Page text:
Translation efficiency of mRNA was monitored based on the relative distribution of mRNA in polysome fractions. Thymocytes were washed twice with cold PBS and suspended for 15 min in 500 μL of lysis buffer (10 mM HEPES-KOH (pH 7.4), 10 mM MgCl2, 150 mM KCl, 100 μg/mL cyclohexamide, 40 U/mL RNaseOUT (Invitrogen), 1 mM dithiothreitol, 2% NP40, and 10 mM PMSF). Lysates were centrifuged at 16,000 g for 10 min at 4 °C and supernatants were subjected to a 10–50% sucrose density gradient prepared in 20 mM HEPES-KOH (pH 7.4), 100 mM KCl and 5 mM MgCl2, which was followed by centrifugation at 40,000 r.p.m. for 2 h at 4 °C with an SW41 Ti rotor on an Optima LE-80K ultracentrifuge (Beckman Coulter). The gradient was then fractionated using a Gradient Station (BioComp) with simultaneous monitoring of the absorbance at 254 nm (UV monitor: Bio-Rad EM-1). RNA from each fraction was isolated with Isogen LS (Nippon Gene Co., Ltd.)
Liquid chromatography-mass spectrometry
Each sample was reduced with 100 mM dithiothreitol at 56 °C for 30 min, and then alkylated with 550 mM iodoacetamide for 30 min in the dark. Samples were washed with 50 mM ammonium bicarbonate using PALL NanoSep 10-KDa spin filters. After washing, samples were digested with trypsin overnight at 37 °C. Peptides were released from the filter using 1% formic acid and 20% acetonitrile in water. After extraction, peptides were concentrated with a centrifugal vacuum concentrator and then resuspended in 0.1% formic acid in water. All samples were analyzed using a Thermo Scientific Q-Exactive Plus Orbitrap hybrid mass spectrometer (Thermo Fisher Scientific, Waltham, MA, USA). The mass spectrometer was equipped with an HPLC (Dionex Ultimate 3000 nanoRSLC), an autosampler (HTC PAL, CTC Analytics), and a nanoelectrospray ion source. 5-μL samples were separated on a Zorbax 300SB C18 column (0.3 × 150 mm; Agilent, Agilent Technologies, Waldbronn, Germany) at 40 °C. A one-hour gradient was employed. Solvent A was distilled water with 0.1% formic acid, and solvent B was acetonitrile with 0.1% formic acid. A flow rate of 3.5 μL/min was used for peptide separation. The temperature of the heated capillary was 300 °C, and a 1.9-kV spray voltage was applied to all samples. Acquired MS/MS data were analyzed on Mascot (version 2.4, Thermo Fisher Scientific, Waltham, MA, USA) and Proteome Discoverer (version 1.4, using Sequest HT, Thermo Fisher Scientific, Waltham, MA, USA). The Uniprot proteome database for Mus musculus (UP000000589), merged with the common Repository of Adventitious Proteins database (cRAP; http://www.thegpm.org/crap/) was used for protein identification, using a False Discovery Rate of <1% as a cutoff threshold, determined with the Percolator algorithm in Proteome Discoverer software.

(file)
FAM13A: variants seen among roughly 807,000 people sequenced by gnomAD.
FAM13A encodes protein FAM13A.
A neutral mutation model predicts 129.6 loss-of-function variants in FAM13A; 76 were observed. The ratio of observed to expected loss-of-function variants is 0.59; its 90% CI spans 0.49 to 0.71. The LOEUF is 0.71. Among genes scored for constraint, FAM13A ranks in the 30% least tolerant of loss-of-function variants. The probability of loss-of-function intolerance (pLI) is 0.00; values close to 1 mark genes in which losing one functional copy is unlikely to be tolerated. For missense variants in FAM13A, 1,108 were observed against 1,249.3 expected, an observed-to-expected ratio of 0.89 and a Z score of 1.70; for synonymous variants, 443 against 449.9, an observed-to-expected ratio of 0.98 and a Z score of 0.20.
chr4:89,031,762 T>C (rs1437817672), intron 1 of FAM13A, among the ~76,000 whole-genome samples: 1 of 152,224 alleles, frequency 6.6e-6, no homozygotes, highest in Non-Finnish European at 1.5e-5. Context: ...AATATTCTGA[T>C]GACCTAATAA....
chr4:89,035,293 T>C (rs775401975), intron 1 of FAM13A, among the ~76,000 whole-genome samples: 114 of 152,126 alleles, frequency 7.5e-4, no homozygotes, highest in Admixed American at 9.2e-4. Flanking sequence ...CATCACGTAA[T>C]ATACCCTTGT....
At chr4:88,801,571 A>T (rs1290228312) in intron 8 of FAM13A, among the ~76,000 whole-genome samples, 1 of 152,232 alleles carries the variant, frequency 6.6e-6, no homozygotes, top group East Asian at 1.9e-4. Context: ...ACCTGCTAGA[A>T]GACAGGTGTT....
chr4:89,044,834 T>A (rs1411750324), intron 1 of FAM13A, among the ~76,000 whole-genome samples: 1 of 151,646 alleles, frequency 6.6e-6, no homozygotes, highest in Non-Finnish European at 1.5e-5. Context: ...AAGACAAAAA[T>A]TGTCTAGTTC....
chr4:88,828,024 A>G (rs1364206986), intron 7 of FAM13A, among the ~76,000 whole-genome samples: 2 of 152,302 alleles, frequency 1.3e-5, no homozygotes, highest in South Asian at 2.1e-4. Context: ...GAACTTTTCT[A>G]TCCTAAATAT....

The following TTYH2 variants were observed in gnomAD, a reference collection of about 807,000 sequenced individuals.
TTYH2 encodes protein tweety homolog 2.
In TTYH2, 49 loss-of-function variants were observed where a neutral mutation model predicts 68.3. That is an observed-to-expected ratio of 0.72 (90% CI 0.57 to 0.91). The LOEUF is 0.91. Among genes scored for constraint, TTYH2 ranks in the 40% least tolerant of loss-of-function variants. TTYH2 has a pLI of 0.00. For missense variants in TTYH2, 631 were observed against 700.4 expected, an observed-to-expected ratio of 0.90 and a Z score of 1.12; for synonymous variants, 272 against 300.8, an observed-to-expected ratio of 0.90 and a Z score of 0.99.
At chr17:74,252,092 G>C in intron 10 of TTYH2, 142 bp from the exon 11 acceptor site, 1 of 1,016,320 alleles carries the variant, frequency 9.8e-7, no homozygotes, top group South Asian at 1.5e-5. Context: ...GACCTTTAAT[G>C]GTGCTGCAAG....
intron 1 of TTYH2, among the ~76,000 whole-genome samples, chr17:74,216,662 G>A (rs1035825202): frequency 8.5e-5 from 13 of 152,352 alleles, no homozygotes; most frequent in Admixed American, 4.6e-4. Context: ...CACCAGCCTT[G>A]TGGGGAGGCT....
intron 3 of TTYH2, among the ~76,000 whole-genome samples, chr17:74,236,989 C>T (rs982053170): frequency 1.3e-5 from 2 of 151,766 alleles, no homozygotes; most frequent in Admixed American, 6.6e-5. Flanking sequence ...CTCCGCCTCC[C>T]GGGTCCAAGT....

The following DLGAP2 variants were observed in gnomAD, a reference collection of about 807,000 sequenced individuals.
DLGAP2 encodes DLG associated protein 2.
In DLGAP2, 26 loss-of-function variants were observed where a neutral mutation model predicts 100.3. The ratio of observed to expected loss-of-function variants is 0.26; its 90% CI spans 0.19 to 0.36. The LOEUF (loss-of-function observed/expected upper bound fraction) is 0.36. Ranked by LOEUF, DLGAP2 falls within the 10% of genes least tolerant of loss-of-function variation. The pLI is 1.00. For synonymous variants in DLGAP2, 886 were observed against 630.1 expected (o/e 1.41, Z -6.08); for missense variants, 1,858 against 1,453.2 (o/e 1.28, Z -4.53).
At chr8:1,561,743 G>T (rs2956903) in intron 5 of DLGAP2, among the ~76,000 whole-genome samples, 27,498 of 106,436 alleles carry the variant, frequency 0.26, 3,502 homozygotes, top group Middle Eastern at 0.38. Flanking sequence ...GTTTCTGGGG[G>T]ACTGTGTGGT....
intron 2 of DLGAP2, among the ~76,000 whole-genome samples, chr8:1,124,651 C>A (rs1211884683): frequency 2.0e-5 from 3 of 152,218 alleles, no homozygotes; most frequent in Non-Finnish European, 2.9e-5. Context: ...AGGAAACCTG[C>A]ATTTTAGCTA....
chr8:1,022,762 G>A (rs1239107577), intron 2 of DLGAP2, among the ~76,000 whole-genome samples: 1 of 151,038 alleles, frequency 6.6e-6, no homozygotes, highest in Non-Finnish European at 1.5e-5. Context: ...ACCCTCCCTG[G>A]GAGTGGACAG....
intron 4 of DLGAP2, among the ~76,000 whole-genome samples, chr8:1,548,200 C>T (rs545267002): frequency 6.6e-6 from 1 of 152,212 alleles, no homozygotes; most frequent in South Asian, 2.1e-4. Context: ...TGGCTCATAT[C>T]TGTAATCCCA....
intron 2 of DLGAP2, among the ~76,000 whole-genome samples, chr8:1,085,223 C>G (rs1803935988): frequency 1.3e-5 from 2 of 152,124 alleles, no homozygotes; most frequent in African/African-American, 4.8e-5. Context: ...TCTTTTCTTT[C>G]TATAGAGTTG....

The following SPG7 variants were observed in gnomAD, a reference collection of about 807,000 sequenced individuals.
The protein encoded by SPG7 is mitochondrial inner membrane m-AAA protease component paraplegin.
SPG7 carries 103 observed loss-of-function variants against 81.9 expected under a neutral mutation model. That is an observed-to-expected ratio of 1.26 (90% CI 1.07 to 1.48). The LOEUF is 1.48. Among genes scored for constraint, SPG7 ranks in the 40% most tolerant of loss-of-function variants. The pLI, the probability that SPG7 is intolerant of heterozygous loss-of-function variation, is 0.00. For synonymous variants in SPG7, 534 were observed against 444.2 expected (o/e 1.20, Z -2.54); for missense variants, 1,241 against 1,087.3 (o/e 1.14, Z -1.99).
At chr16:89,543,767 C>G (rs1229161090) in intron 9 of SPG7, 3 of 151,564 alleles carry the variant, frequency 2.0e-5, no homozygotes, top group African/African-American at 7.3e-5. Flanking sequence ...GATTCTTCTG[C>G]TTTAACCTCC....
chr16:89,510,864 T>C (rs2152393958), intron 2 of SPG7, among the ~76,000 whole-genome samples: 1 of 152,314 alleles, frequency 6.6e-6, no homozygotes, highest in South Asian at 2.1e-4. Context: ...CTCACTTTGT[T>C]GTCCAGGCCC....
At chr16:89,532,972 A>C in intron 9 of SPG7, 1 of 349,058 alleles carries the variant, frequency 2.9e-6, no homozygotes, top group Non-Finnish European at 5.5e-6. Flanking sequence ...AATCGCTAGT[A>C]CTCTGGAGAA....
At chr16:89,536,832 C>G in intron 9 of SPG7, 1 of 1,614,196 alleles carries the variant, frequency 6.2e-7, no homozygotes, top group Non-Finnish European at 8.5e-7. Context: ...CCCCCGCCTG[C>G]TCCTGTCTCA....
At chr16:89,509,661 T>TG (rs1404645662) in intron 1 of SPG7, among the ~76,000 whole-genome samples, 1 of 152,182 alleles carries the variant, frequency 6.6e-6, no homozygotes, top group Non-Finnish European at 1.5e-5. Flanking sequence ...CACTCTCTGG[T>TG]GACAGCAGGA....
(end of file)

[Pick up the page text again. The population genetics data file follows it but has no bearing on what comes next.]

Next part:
Populations 2, 3, and 4 were sorted using an Aria II. Total RNA was extracted from sorted thymocytes with TRIzol reagent according to the manufacturer’s protocol (Thermo Fisher Scientific, Waltham, MA). The RNA-Seq library was constructed using an NEBNext Ultra Directional RNA Library Prep Kit (New England Biolabs [NEB], Ipswich, MA) after depleting rRNA with an NEBNext rRNA Depletion Kit (NEB). Paired-end sequencing (2 × 36 bases) was performed. Sequence reads were mapped using CLC Genomics Workbench (Version 11.0.1; Qiagen, Redwood City, CA). Differential expression was determined by empirical analysis using the Empirical Analysis of DGE tool (edgeR test) in CLC Genomics Workbench and CLC Main Workbench.
Statistically significant differences between mean values were determined using Student’s t test (***P < 0.001, **P < 0.01 and * P < 0.05). Values represent means of samples ± SEM. Prior experience and pilot studies were used for estimation of sample size to ensure adequate power. No data points or mice were excluded from the study. No randomization or blinding was used.
Further information on research design is available in the Nature Research Reporting Summary linked to this article.
Data that support the findings of this study have been deposited in DDBJ with the accession codes DRA009481 (and ftp://ftp.ddbj.nig.ac.jp/ddbj_database/dra/fastq/DRA009/DRA009481). The source data underlying all figures and supplementary figures are provided as a Source Data file. Source data are provided with this paper.
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This study was partially supported by JSPS KAKENHI Grant Number15K19140 (T.Y.), a Grant for a Joint Research Project of the Institute of Medical Science at the University of Tokyo (T.K. and T.A.), Grants-in-Aid for Scientific Research from JSPS (17H04038 and 20H03441) (T.A.), and by support from the Okinawa Institute of Science and Technology Graduate University.
The authors declare no competing interests.
Peer review information Nature Communications thanks the anonymous reviewer(s) for their contribution to the peer review of this work.
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Ito-Kureha, T., Miyao, T., Nishijima, S. et al. The CCR4–NOT deadenylase complex safeguards thymic positive selection by down-regulating aberrant pro-apoptotic gene expression. Nat Commun 11, 6169 (2020). https://doi.org/10.1038/s41467-020-19975-4
Journal of Hematology & Oncology (2021)